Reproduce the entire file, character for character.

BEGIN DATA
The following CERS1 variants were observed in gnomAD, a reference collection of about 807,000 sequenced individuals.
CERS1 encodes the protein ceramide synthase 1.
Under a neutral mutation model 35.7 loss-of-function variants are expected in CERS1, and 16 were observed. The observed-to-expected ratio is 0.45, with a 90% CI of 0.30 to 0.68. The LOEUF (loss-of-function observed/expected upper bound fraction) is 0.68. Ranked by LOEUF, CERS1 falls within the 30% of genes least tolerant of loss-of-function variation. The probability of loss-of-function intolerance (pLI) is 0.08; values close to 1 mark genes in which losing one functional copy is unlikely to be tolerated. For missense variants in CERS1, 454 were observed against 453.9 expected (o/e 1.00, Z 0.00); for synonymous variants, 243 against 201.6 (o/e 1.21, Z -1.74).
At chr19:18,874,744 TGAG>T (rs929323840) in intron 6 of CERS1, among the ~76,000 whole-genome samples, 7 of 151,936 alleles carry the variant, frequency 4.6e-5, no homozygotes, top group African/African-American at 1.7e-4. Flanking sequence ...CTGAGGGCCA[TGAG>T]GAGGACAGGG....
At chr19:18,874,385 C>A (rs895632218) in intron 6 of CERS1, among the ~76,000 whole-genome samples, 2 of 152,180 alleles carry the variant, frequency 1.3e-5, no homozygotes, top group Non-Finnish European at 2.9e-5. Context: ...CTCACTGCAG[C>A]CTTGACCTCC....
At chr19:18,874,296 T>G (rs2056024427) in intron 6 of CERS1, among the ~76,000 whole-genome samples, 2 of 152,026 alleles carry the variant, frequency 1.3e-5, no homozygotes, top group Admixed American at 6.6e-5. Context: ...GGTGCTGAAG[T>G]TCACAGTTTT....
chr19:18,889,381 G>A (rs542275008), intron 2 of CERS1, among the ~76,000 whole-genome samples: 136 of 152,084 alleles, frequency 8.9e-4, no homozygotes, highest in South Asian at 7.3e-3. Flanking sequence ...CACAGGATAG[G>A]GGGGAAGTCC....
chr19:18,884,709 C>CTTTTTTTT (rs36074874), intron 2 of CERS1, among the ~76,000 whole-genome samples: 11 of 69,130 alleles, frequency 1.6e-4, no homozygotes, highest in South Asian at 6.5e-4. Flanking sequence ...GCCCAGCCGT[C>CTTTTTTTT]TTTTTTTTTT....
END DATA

The following CERS1 variants were observed in gnomAD, a reference collection of about 807,000 sequenced individuals.
CERS1 encodes the protein ceramide synthase 1.
Under a neutral mutation model 35.7 loss-of-function variants are expected in CERS1, and 16 were observed. The observed-to-expected ratio is 0.45, with a 90% CI of 0.30 to 0.68. The LOEUF (loss-of-function observed/expected upper bound fraction) is 0.68. Ranked by LOEUF, CERS1 falls within the 30% of genes least tolerant of loss-of-function variation. The probability of loss-of-function intolerance (pLI) is 0.08; values close to 1 mark genes in which losing one functional copy is unlikely to be tolerated. For missense variants in CERS1, 454 were observed against 453.9 expected (o/e 1.00, Z 0.00); for synonymous variants, 243 against 201.6 (o/e 1.21, Z -1.74).
At chr19:18,874,744 TGAG>T (rs929323840) in intron 6 of CERS1, among the ~76,000 whole-genome samples, 7 of 151,936 alleles carry the variant, frequency 4.6e-5, no homozygotes, top group African/African-American at 1.7e-4. Flanking sequence ...CTGAGGGCCA[TGAG>T]GAGGACAGGG....
At chr19:18,874,385 C>A (rs895632218) in intron 6 of CERS1, among the ~76,000 whole-genome samples, 2 of 152,180 alleles carry the variant, frequency 1.3e-5, no homozygotes, top group Non-Finnish European at 2.9e-5. Context: ...CTCACTGCAG[C>A]CTTGACCTCC....
At chr19:18,874,296 T>G (rs2056024427) in intron 6 of CERS1, among the ~76,000 whole-genome samples, 2 of 152,026 alleles carry the variant, frequency 1.3e-5, no homozygotes, top group Admixed American at 6.6e-5. Context: ...GGTGCTGAAG[T>G]TCACAGTTTT....
chr19:18,889,381 G>A (rs542275008), intron 2 of CERS1, among the ~76,000 whole-genome samples: 136 of 152,084 alleles, frequency 8.9e-4, no homozygotes, highest in South Asian at 7.3e-3. Flanking sequence ...CACAGGATAG[G>A]GGGGAAGTCC....
chr19:18,884,709 C>CTTTTTTTT (rs36074874), intron 2 of CERS1, among the ~76,000 whole-genome samples: 11 of 69,130 alleles, frequency 1.6e-4, no homozygotes, highest in South Asian at 6.5e-4. Flanking sequence ...GCCCAGCCGT[C>CTTTTTTTT]TTTTTTTTTT....